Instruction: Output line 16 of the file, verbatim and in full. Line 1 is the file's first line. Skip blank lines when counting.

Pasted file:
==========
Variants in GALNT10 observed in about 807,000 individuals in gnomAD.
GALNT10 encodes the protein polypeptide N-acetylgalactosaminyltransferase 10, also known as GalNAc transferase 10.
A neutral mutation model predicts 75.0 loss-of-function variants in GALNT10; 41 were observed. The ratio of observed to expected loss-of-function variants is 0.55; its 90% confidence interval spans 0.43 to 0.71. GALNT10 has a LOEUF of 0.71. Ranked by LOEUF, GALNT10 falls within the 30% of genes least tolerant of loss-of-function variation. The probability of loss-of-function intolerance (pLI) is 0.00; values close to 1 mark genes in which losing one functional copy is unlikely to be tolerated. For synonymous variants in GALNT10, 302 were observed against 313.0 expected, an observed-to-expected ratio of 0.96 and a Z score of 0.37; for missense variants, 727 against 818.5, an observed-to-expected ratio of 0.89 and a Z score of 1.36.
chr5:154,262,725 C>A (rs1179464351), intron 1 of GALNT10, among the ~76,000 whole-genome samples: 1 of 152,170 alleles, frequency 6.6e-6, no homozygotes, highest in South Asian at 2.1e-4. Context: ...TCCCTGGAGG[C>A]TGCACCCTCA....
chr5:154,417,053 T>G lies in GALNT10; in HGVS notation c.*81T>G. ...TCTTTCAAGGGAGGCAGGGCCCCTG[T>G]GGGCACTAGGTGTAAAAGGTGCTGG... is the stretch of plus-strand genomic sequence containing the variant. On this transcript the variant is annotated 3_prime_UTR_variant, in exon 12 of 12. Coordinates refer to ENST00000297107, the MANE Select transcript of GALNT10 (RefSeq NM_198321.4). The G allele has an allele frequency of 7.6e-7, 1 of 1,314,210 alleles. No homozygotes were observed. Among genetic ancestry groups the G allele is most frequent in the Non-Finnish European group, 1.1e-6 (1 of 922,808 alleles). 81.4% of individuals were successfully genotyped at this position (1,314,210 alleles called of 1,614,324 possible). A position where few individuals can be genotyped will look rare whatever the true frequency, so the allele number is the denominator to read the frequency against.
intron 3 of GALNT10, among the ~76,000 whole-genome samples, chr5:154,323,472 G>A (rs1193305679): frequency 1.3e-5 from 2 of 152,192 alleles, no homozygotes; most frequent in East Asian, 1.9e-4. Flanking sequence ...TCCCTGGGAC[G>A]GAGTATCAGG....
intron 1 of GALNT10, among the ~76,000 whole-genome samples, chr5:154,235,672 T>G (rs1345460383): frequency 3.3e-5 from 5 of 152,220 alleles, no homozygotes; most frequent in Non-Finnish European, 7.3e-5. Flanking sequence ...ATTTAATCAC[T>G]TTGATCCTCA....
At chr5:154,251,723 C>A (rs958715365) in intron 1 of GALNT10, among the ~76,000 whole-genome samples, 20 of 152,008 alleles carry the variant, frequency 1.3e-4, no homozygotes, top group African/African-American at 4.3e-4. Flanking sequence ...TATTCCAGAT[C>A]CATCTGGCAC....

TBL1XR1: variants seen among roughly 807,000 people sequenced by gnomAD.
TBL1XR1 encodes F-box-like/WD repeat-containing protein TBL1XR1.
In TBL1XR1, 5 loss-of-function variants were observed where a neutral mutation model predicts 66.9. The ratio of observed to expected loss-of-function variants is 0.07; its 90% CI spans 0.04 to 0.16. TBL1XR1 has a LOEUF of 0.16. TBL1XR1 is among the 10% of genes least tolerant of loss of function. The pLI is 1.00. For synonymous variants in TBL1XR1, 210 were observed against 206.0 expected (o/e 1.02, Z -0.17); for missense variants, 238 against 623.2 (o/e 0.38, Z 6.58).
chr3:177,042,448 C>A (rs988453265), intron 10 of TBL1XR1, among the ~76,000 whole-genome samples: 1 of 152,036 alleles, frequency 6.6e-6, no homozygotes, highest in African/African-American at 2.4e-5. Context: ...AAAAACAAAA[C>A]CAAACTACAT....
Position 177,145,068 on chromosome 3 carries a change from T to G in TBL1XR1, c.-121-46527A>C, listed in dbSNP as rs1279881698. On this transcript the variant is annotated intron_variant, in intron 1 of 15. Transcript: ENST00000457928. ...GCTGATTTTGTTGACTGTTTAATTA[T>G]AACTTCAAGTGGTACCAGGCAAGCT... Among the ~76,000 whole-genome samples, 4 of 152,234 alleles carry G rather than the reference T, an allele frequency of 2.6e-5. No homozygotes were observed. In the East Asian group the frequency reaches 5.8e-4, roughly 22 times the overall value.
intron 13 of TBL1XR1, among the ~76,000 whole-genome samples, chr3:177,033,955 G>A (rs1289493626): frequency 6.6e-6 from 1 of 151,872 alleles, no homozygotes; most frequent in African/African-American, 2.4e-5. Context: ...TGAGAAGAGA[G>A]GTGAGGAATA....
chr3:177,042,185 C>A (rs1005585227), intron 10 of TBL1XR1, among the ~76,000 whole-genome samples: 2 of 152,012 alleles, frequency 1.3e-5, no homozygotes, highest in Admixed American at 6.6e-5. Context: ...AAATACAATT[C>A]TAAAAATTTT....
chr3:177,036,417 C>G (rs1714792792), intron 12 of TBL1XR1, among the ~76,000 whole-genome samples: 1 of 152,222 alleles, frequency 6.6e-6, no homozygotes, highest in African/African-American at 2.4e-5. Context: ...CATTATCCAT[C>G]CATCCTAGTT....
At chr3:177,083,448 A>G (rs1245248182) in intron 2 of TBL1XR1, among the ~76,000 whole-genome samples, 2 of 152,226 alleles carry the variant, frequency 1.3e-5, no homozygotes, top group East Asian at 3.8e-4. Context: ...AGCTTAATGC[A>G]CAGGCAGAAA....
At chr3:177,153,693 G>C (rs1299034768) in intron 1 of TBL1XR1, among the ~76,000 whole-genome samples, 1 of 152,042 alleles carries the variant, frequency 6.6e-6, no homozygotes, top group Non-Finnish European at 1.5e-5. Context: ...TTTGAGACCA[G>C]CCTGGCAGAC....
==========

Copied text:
chr3:177,036,417 C>G (rs1714792792), intron 12 of TBL1XR1, among the ~76,000 whole-genome samples: 1 of 152,222 alleles, frequency 6.6e-6, no homozygotes, highest in African/African-American at 2.4e-5. Context: ...CATTATCCAT[C>G]CATCCTAGTT....